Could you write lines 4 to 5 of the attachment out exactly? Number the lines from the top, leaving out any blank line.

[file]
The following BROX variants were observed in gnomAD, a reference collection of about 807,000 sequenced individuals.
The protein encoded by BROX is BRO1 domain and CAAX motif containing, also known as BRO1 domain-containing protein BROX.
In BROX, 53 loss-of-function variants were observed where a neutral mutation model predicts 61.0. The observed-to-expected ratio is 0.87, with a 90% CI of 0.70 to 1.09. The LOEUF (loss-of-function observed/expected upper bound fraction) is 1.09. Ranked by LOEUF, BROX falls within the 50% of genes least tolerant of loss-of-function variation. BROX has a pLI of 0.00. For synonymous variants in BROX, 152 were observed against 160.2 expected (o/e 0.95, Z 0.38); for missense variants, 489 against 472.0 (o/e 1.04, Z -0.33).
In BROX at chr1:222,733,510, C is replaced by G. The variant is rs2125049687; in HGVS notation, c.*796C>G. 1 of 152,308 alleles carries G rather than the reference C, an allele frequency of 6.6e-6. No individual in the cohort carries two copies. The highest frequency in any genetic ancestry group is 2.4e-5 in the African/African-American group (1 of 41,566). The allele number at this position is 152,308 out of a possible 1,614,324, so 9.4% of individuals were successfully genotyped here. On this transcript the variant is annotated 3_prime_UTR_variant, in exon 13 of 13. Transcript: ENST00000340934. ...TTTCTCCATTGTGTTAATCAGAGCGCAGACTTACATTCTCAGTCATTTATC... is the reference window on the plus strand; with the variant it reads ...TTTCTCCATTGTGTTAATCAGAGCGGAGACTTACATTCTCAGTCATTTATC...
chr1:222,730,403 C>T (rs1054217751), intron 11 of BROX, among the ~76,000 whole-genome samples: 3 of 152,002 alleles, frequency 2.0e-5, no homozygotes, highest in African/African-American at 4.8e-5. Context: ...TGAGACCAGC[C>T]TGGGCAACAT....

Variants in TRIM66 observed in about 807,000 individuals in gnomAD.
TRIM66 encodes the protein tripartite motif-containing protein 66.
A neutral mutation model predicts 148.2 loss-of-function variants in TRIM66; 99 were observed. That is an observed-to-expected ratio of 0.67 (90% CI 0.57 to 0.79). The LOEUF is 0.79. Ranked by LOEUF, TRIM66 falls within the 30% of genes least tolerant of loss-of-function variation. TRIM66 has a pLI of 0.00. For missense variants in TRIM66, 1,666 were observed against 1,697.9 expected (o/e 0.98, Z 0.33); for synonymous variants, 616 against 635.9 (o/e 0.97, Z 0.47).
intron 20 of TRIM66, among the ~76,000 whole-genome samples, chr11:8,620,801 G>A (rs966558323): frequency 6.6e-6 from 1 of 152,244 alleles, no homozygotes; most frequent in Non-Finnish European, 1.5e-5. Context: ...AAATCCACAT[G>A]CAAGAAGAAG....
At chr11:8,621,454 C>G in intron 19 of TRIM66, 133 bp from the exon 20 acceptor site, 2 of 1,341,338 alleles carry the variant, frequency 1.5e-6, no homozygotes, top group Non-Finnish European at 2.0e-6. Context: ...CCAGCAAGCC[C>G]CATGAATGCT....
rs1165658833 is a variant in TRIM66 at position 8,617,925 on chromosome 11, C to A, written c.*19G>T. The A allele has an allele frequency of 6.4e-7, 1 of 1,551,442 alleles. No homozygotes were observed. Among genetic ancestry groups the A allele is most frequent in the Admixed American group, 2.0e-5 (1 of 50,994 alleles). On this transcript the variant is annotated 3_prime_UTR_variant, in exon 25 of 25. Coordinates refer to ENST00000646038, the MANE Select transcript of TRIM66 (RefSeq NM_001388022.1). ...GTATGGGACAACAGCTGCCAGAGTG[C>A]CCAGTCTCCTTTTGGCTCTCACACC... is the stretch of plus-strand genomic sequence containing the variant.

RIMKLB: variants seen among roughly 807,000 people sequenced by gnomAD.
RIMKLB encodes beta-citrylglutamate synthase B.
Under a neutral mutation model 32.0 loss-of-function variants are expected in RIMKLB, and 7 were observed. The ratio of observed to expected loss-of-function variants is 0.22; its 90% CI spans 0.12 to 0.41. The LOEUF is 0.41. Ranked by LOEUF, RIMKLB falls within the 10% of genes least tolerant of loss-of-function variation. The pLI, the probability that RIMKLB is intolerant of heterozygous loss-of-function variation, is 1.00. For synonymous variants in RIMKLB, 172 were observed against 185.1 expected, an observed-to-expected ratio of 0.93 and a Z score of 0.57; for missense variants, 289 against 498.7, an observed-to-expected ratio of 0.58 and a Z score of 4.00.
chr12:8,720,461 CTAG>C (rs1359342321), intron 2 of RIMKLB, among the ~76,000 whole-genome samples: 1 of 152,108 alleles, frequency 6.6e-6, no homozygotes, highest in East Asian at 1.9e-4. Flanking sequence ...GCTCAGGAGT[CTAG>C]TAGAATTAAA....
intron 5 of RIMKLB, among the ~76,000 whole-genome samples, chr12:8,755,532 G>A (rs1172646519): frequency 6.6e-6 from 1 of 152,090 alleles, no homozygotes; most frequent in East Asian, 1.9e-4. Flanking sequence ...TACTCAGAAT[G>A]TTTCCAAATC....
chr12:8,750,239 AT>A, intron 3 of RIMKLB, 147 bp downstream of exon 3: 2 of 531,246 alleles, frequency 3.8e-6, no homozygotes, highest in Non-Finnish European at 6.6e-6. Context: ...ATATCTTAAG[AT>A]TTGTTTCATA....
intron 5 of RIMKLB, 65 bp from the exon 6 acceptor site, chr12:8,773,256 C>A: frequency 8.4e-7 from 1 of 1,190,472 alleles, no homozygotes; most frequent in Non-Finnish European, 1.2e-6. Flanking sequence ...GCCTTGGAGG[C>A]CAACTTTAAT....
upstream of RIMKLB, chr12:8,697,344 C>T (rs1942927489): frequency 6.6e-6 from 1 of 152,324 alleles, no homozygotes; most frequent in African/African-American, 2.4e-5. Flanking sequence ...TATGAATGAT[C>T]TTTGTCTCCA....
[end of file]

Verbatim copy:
In BROX at chr1:222,733,510, C is replaced by G. The variant is rs2125049687; in HGVS notation, c.*796C>G. 1 of 152,308 alleles carries G rather than the reference C, an allele frequency of 6.6e-6. No individual in the cohort carries two copies. The highest frequency in any genetic ancestry group is 2.4e-5 in the African/African-American group (1 of 41,566). The allele number at this position is 152,308 out of a possible 1,614,324, so 9.4% of individuals were successfully genotyped here. On this transcript the variant is annotated 3_prime_UTR_variant, in exon 13 of 13. Transcript: ENST00000340934. ...TTTCTCCATTGTGTTAATCAGAGCGCAGACTTACATTCTCAGTCATTTATC... is the reference window on the plus strand; with the variant it reads ...TTTCTCCATTGTGTTAATCAGAGCGGAGACTTACATTCTCAGTCATTTATC...
chr1:222,730,403 C>T (rs1054217751), intron 11 of BROX, among the ~76,000 whole-genome samples: 3 of 152,002 alleles, frequency 2.0e-5, no homozygotes, highest in African/African-American at 4.8e-5. Context: ...TGAGACCAGC[C>T]TGGGCAACAT....